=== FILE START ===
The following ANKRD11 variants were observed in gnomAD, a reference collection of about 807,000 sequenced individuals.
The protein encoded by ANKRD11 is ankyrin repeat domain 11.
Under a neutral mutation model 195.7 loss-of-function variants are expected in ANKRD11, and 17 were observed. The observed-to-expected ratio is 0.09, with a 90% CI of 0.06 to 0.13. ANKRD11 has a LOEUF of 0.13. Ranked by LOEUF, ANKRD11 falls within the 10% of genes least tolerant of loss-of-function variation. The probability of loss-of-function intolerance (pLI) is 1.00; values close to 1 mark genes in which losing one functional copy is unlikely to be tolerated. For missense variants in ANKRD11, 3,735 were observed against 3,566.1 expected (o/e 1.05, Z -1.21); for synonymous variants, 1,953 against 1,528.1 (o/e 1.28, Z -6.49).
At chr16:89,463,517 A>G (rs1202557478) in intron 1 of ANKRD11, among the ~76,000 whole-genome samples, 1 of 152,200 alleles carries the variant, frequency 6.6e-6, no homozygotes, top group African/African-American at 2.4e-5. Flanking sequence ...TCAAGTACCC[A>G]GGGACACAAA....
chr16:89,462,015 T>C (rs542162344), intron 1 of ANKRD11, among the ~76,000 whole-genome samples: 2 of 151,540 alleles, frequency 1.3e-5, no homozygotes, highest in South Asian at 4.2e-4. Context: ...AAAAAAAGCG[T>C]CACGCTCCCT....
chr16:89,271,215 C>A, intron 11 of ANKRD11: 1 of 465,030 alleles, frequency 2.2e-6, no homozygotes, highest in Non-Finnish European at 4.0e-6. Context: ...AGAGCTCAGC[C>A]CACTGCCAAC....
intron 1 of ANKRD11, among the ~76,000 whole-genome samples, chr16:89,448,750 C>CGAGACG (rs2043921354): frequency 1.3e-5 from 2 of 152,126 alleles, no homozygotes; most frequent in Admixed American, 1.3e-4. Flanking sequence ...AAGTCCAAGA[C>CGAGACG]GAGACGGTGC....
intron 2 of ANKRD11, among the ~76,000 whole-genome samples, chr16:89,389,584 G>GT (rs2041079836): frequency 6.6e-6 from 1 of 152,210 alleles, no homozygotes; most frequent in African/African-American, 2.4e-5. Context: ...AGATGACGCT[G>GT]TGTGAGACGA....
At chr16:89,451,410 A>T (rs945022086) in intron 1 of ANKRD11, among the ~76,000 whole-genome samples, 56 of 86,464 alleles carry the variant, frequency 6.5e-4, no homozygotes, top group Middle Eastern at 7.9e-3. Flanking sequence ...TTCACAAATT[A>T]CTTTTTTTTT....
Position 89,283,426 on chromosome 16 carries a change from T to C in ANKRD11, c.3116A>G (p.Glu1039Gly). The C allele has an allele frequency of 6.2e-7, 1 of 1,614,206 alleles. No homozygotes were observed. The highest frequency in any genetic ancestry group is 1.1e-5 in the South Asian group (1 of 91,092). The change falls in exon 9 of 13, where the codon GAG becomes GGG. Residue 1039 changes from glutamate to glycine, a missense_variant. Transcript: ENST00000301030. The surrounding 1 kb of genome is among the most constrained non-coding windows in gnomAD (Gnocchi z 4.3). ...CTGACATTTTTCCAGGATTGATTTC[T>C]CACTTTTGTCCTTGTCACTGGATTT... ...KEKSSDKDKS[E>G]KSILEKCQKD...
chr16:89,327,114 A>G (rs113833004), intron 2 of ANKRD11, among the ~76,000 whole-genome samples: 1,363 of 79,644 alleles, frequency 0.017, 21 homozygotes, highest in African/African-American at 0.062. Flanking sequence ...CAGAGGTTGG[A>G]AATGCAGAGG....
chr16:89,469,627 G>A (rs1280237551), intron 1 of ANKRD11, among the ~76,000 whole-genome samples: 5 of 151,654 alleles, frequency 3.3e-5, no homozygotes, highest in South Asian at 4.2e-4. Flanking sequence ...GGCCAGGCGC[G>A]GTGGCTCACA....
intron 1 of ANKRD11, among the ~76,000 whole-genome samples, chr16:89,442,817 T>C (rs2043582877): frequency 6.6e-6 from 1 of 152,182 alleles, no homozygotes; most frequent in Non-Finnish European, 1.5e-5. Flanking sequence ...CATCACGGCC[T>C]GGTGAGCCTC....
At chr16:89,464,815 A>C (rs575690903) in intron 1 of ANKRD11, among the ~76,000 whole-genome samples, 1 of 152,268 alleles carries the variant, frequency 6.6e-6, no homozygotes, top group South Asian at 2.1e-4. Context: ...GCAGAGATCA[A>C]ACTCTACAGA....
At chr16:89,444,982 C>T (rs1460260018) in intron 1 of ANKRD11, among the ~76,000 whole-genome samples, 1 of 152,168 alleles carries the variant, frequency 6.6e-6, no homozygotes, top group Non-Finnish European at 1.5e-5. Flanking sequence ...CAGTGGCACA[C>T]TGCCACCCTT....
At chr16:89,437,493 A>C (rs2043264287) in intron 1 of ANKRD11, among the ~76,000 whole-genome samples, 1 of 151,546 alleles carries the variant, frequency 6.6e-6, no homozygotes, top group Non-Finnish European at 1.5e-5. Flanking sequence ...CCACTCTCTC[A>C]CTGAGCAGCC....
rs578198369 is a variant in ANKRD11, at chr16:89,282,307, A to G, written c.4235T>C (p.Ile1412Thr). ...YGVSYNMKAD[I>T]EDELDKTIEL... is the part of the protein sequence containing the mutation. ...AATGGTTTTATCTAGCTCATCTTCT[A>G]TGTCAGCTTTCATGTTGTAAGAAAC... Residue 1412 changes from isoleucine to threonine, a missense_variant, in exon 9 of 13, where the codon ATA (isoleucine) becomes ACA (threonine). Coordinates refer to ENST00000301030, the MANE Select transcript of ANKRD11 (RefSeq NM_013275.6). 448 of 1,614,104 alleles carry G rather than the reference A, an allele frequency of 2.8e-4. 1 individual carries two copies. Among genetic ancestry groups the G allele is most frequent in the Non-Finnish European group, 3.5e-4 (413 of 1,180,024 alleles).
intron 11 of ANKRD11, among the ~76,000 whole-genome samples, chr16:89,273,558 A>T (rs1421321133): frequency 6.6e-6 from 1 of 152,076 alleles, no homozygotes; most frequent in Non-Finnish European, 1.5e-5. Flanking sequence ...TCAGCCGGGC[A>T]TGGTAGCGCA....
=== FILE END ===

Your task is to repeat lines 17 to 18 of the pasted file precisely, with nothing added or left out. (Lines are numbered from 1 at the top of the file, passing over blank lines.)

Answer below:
rs578198369 is a variant in ANKRD11, at chr16:89,282,307, A to G, written c.4235T>C (p.Ile1412Thr). ...YGVSYNMKAD[I>T]EDELDKTIEL... is the part of the protein sequence containing the mutation. ...AATGGTTTTATCTAGCTCATCTTCT[A>G]TGTCAGCTTTCATGTTGTAAGAAAC... Residue 1412 changes from isoleucine to threonine, a missense_variant, in exon 9 of 13, where the codon ATA (isoleucine) becomes ACA (threonine). Coordinates refer to ENST00000301030, the MANE Select transcript of ANKRD11 (RefSeq NM_013275.6). 448 of 1,614,104 alleles carry G rather than the reference A, an allele frequency of 2.8e-4. 1 individual carries two copies. Among genetic ancestry groups the G allele is most frequent in the Non-Finnish European group, 3.5e-4 (413 of 1,180,024 alleles).
intron 11 of ANKRD11, among the ~76,000 whole-genome samples, chr16:89,273,558 A>T (rs1421321133): frequency 6.6e-6 from 1 of 152,076 alleles, no homozygotes; most frequent in Non-Finnish European, 1.5e-5. Flanking sequence ...TCAGCCGGGC[A>T]TGGTAGCGCA....